review their own classification in the light of evidence presented by new observations

   Pupils may initially group organisms according to features which are not particularly helpful, eg live in water, live on land, live in air, or have legs, have wings, have neither. Challenge such groupings by guiding pupils to see that some organisms could be in two groups at once, and ask them to reclassify so that this cannot happen.

   Extension: the data collected could be entered into a tree database programme, which pupils can use to classify specimens.

    How do scientists classify living things?

   that scientific classification is important because it is a worldwide labelling system, and provides a means for systematic study of living things

   that two groups of living things are green plants and animals

   that animals can be subdivided into vertebrates and invertebrates

   that vertebrates include mammals, birds, fish, reptiles, amphibians

   Describe using secondary sources, eg photographs, video clips, the early attempts made by scientists to classify living things into groups, and ask pupils to suggest reasons why an agreed system for worldwide use is helpful. Explore knowledge and understanding of the major groupings of living things, eg plants and animals.

   Explain the hierarchical nature of classification by introducing the notion that large groups, eg animals, can be subdivided into smaller subgroups, eg invertebrates and vertebrates. Introduce the major subgroups of vertebrates and ask pupils to describe the common features within each group.

   Provide pictures of a range of animals for pupils to classify into these groups, and ask them to present their work as a branching diagram.

  explain some of the advantages of the scientific classification system

  describe some features of animals and plants

  summarise the features that groups of vertebrates have in common

  classify animals as invertebrate or vertebrate and as one of the main vertebrate groups

   Pupils often have difficulty in being consistent in their classification, eg they may classify a mouse as a mammal, but say it is an invertebrate because it can ‘squeeze through bars’ and so cannot have a backbone.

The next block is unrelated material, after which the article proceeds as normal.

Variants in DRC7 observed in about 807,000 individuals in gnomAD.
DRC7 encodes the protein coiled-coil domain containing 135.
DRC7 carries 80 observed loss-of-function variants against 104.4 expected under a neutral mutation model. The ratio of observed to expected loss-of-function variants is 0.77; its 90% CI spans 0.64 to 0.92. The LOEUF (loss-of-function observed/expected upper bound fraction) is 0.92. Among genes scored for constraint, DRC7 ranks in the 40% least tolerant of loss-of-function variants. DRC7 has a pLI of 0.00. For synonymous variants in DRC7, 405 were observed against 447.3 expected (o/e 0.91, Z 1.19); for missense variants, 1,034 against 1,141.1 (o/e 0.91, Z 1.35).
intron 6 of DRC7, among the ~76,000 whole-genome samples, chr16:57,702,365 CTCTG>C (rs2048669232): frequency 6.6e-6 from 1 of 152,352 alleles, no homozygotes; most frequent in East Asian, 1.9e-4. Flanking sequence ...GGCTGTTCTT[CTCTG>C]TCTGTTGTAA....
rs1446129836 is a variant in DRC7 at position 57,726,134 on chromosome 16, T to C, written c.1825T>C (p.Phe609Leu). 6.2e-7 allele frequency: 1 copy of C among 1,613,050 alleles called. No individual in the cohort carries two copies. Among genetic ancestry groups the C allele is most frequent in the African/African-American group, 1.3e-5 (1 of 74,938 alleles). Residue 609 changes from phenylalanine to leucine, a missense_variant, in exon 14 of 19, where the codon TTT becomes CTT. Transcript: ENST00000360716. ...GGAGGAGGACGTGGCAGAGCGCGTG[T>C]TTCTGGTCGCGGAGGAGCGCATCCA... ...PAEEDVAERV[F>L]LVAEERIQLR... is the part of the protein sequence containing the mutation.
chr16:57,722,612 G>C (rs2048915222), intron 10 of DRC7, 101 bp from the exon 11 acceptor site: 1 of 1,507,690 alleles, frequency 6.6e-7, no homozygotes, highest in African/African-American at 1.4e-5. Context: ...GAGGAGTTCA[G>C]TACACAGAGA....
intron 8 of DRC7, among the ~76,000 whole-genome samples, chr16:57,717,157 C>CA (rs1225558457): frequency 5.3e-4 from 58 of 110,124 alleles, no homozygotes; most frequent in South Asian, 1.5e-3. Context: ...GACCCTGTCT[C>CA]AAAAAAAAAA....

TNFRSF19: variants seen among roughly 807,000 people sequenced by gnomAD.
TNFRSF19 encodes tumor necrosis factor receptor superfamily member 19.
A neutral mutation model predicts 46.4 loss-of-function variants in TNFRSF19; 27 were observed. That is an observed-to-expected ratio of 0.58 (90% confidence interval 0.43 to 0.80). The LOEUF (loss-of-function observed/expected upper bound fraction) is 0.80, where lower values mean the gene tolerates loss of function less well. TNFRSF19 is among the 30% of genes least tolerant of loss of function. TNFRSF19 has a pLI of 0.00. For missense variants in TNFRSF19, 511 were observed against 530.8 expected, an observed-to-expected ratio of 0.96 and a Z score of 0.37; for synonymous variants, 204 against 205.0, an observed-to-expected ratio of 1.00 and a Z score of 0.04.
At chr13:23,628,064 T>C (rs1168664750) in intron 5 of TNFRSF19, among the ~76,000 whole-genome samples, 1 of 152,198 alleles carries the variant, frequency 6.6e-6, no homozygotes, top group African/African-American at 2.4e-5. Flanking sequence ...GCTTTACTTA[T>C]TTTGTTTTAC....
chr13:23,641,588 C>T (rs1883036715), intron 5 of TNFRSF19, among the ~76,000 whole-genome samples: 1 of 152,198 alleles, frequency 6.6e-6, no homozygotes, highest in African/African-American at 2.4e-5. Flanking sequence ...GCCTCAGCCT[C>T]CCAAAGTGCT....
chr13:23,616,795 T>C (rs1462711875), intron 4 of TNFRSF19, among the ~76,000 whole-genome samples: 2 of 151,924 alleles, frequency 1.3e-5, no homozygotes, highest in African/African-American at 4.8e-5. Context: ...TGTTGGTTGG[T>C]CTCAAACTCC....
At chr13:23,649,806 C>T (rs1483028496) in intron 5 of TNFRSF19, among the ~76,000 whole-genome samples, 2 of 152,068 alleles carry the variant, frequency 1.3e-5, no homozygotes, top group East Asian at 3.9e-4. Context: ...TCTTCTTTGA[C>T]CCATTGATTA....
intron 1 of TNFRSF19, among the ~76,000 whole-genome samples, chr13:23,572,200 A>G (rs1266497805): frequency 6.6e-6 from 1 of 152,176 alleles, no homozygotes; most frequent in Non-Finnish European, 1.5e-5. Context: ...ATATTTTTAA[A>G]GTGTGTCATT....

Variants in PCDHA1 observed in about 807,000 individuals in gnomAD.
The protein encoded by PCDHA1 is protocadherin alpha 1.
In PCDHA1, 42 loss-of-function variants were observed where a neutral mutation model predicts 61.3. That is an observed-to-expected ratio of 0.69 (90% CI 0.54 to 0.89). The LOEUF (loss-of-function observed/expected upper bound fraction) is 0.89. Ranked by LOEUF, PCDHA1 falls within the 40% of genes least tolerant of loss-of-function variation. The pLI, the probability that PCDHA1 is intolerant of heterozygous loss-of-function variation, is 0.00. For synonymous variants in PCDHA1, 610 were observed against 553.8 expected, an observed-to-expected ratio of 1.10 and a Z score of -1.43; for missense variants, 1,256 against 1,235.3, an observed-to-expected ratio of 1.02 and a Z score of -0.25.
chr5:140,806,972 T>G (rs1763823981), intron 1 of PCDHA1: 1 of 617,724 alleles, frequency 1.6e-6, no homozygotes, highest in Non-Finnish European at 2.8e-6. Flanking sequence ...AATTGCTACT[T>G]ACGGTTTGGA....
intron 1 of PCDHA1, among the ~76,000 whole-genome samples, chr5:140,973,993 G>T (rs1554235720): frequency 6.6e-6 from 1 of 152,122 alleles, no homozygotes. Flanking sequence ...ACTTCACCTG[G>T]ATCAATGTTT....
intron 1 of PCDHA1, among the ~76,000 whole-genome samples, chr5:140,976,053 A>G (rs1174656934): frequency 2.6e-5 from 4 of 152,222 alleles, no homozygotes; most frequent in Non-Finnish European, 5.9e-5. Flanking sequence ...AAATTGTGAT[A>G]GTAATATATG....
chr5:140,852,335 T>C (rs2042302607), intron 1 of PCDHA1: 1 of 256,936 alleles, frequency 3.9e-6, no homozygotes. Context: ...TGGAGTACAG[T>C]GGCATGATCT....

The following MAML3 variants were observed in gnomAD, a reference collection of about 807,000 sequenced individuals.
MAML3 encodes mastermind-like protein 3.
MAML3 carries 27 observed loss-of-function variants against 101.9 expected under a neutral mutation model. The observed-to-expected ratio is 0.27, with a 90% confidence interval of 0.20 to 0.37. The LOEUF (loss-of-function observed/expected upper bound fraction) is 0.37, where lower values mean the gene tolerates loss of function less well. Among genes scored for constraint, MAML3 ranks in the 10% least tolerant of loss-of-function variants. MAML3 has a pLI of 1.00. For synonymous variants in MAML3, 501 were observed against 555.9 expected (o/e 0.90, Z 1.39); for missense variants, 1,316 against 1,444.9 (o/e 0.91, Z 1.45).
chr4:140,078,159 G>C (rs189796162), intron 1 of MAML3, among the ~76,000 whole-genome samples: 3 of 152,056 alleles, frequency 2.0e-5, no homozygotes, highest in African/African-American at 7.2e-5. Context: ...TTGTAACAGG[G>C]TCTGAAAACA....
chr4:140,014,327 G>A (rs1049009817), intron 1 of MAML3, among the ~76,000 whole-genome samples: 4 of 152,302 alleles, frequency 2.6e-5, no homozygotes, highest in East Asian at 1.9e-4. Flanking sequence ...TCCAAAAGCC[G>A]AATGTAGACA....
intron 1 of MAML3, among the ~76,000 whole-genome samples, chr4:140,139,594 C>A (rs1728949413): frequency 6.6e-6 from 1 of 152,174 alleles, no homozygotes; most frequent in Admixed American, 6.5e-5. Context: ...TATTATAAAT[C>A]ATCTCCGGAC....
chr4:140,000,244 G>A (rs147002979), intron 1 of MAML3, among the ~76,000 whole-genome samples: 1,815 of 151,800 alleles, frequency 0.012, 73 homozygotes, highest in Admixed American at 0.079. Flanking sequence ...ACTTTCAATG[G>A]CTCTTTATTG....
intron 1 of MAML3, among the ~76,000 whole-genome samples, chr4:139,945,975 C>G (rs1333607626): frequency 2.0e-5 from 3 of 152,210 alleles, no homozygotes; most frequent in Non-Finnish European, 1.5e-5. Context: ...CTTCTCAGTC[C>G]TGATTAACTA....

Limit the information in this activity to the animal groups mentioned. Others are introduced in the next activity. Classification of plants is introduced in unit 8D ‘Ecological relationships’.

   Teachers may wish to introduce the ‘five kingdom’ model to some pupils.

   that invertebrates can be further subdivided

   to search a CD-ROM database for information

   to transfer written information from one form to another

   Illustrate some sets of invertebrates using a range of resources, eg photographs, videos, live animals. Ask different groups of pupils to find information, eg from a CD-ROM database, about the main characteristics of one group, and some examples. Ask them to present their findings in a succinct format to be shared with other groups.

   Ask pupils to summarise the information from each group of pupils as a table showing some main groups, their characteristics, and examples.

  give an example of one invertebrate group which can be subdivided

  find and present information about one subgroup of invertebrates in an appropriate written format

  summarise the information about some main groups in a table

   Suitable sets of invertebrates include insects, molluscs and arachnids.

   At this stage it is not necessary for pupils to distinguish between levels of subgroup, eg phylum, class.

    Reviewing work

   to classify animals into the main taxonomic groups

   Ask pupils to review their original observations on a group of animal specimens, and to use what they have found out to classify each specimen as vertebrate or invertebrate and as one of the subgroups of vertebrates or invertebrates, eg insect, mollusc, arachnid.

  correctly classify animals into their taxonomic groups

   When pupils classify animals, it is helpful to provide them with descriptions of the main characteristics of groups.